With PDPM a hop, skip & a jump away…now is the time to brush up on the definitions of each SNF mode of therapy.

The modes of therapy are very clearly defined in the RAI Manual. If you are a SNF therapy professional and have not yet had the chance to read the 31 pages dedicated to therapy, now is the time!

Here is a link to the most recent version of the RAI Manual. The RAI Manual is an extension of the Part A  (Chapter 8) and Part B (Chapter 15) Medicare Benefit Policy Manuals. It contains all things MDS…and for therapy…it ties into billing. Please refer to pages [O-14 to O-45] for specifics on all therapy topics, including the modes discussed herein. You might be surprised with what you find in those 31 pages!

Modes of Therapy Delivery Overview – MDS Terminology

There are 3 main categories, or modes of therapy, for documenting therapy minutes on the MDS and in your therapy documentation:

  1. Individual Minutes
  2. Concurrent Minutes
  3. Group Minutes

And 1 additional mode that can be a component of the above:
Co-treatment Minutes

Each of these categories has its own definition set by Medicare policy and is outlined in Section-O in the RAI Manual, Section O0400: Therapies. This section explains the qualifiers for each mode of therapy and explains the differences between residents with Medicare Part A and Part B. It is important that all therapists understand the differences between each category, including all the nuances that go with each, in order to document and code the MDS appropriately. The MDS, remember, is the reimbursement tool that drives the payment for each facility. Miscoding or misrepresenting minutes on the MDS can have financial consequences that no one wants to be responsible for on an audit. This includes Medicare Part A payment and case mix reimbursement for states that use the MDS for determining Medicaid payment. Remember, regardless of all the other billing forms and minute logs you fill out in a given day, your entry of minutes onto the MDS….IS billing. When you {or someone else on your behalf} fill out and sign Section O, you are saying you provided skilled care and are billing for it in the specific category you select. {You knew that, right?}

Individual Minutes:
*RAI Definition: The treatment of one resident at a time. The resident is receiving the therapists’ or the assistants’ full attention. Individual minutes do not need to be done consecutively. The total number of individual treatment minutes should be added together for each treatment day. For example, if you saw Mrs. Smith alone for 20 minutes in the morning and went back after lunch and provided another 10 minutes one-on-one, your total individual minutes for the day would be 30.

*Payer Rules: The rules are the same for this category regardless of payer type (A,B,HMO, Private Pay, Managed Part B, etc.) All the minutes listed in this category are used when determining the reimbursement and RUG score.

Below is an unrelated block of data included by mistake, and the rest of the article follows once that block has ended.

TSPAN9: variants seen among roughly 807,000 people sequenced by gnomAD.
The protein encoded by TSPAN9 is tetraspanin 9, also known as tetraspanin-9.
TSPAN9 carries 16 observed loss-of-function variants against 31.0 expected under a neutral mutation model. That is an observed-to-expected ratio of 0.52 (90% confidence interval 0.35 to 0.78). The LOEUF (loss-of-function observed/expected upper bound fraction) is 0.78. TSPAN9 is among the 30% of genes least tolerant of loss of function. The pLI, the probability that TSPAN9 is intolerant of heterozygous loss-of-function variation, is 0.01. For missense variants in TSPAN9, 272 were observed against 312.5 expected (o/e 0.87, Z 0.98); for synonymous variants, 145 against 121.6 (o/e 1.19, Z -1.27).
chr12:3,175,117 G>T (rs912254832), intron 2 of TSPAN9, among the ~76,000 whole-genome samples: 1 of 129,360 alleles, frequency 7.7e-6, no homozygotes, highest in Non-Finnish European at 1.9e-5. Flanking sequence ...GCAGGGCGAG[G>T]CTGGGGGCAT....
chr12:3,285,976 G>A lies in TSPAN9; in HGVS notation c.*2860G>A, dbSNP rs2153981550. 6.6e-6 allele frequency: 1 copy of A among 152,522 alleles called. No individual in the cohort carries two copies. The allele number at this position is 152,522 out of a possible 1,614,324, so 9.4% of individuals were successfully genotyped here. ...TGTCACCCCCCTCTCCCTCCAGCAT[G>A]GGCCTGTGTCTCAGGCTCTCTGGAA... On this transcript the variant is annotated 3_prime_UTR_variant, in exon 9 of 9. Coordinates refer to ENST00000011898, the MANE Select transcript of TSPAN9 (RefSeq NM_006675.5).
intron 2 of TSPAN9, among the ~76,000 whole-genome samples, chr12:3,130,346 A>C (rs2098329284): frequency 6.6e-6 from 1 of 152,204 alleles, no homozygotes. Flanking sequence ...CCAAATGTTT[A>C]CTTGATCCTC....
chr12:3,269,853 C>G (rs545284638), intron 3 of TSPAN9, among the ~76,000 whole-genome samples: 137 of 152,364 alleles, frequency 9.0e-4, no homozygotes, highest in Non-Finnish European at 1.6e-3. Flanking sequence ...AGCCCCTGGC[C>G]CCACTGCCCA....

*Comments: This may be the most straight forward mode of therapy delivery. It is the one we are most used to in many practice settings, and likely the most beneficial one for our patients. Based on all the changes Medicare has made in recent years to the reimbursement structure for the other modes, it is crystal clear that Individual Therapy is Medicare’s preferred method of treatment for their beneficiaries. {Yes, they have specifically said this…many, many times}

Concurrent Minutes:
*RAI Definition: The treatment of 2 residents at the same time. These residents are not performing the same or similar activities. Both of these residents are in line of sight of the treating therapist or assistant. The 2 residents do not need to have the same insurance.

*Payer Rules: Medicare Part A: This RAI definition above applies to Medicare Part A only.

Medicare Part B: Medicare Part B does not include concurrent therapy in its billing set up. Medicare Part B treatments are either individual, when the session is one on one, or group, when more than 1 resident is being treated at the same time. As you will see in the next category, the RAI Manual definition of Group and the Part B definition of Group are different.

*Comments: This category can get a little tricky since the definition of concurrent does not apply to Medicare Part B, but if a therapist is treating a Medicare Part A and a Medicare Part B resident together, the rule applies for the Medicare Part A resident.

To further clarify, the following are 2 examples right out of the RAI Manual (Section O):

1. PT provides therapy that is not the same or similar to Mrs. Q and Mrs. R at the same time, for a total of 30 minutes. Mrs. Q’s stay is covered under the Medicare SNF PPS Part A benefit. Mrs. R is paying privately for therapy.

Based on the information above, how would you code the MDS?

    • Mrs. Q= 30 Concurrent Minutes
    • Mrs. R=30 Concurrent Minutes.

Simple, right? Now let’s see what happens when 1 of the residents in the pair has Medicare Part B.

2. PT provides therapy that is not the same or similar to Mrs. S and Mrs. T at the same time, for a total of 30 minutes. Mrs. S’s stay is covered under the Medicare SNF PPS Part A benefit. Mr. T’s therapy is covered under Medicare Part B.

Based on the information above, how would you code the MDS?

    • Mrs. S=30 Concurrent Minutes
    • Mrs. T=30 Group Minutes. (This is based on the Medicare Part B definition of Group Therapy, as you will see in the next section. Remember, concurrent therapy cannot be coded on the MDS for a resident receiving therapy under Medicare Part B.)